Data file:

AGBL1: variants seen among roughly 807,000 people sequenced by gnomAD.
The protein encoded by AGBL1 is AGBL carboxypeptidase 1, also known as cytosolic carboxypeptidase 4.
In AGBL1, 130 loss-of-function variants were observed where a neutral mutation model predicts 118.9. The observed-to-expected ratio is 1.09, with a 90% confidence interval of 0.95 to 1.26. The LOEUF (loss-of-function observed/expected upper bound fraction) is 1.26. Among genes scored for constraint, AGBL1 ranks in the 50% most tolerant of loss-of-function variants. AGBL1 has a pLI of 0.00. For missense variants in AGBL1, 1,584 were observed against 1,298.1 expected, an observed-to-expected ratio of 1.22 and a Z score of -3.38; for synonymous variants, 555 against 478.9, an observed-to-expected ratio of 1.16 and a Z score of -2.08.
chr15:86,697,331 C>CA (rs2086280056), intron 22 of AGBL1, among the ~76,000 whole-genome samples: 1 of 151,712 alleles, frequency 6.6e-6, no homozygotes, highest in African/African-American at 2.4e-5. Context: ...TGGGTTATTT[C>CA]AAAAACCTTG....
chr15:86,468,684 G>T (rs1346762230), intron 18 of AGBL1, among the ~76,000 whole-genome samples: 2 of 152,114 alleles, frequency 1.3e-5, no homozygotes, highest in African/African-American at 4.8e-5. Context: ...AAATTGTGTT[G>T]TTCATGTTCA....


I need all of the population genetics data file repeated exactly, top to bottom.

AGBL1: variants seen among roughly 807,000 people sequenced by gnomAD.
The protein encoded by AGBL1 is AGBL carboxypeptidase 1, also known as cytosolic carboxypeptidase 4.
In AGBL1, 130 loss-of-function variants were observed where a neutral mutation model predicts 118.9. The observed-to-expected ratio is 1.09, with a 90% confidence interval of 0.95 to 1.26. The LOEUF (loss-of-function observed/expected upper bound fraction) is 1.26. Among genes scored for constraint, AGBL1 ranks in the 50% most tolerant of loss-of-function variants. AGBL1 has a pLI of 0.00. For missense variants in AGBL1, 1,584 were observed against 1,298.1 expected, an observed-to-expected ratio of 1.22 and a Z score of -3.38; for synonymous variants, 555 against 478.9, an observed-to-expected ratio of 1.16 and a Z score of -2.08.
chr15:86,697,331 C>CA (rs2086280056), intron 22 of AGBL1, among the ~76,000 whole-genome samples: 1 of 151,712 alleles, frequency 6.6e-6, no homozygotes, highest in African/African-American at 2.4e-5. Context: ...TGGGTTATTT[C>CA]AAAAACCTTG....
chr15:86,468,684 G>T (rs1346762230), intron 18 of AGBL1, among the ~76,000 whole-genome samples: 2 of 152,114 alleles, frequency 1.3e-5, no homozygotes, highest in African/African-American at 4.8e-5. Context: ...AAATTGTGTT[G>T]TTCATGTTCA....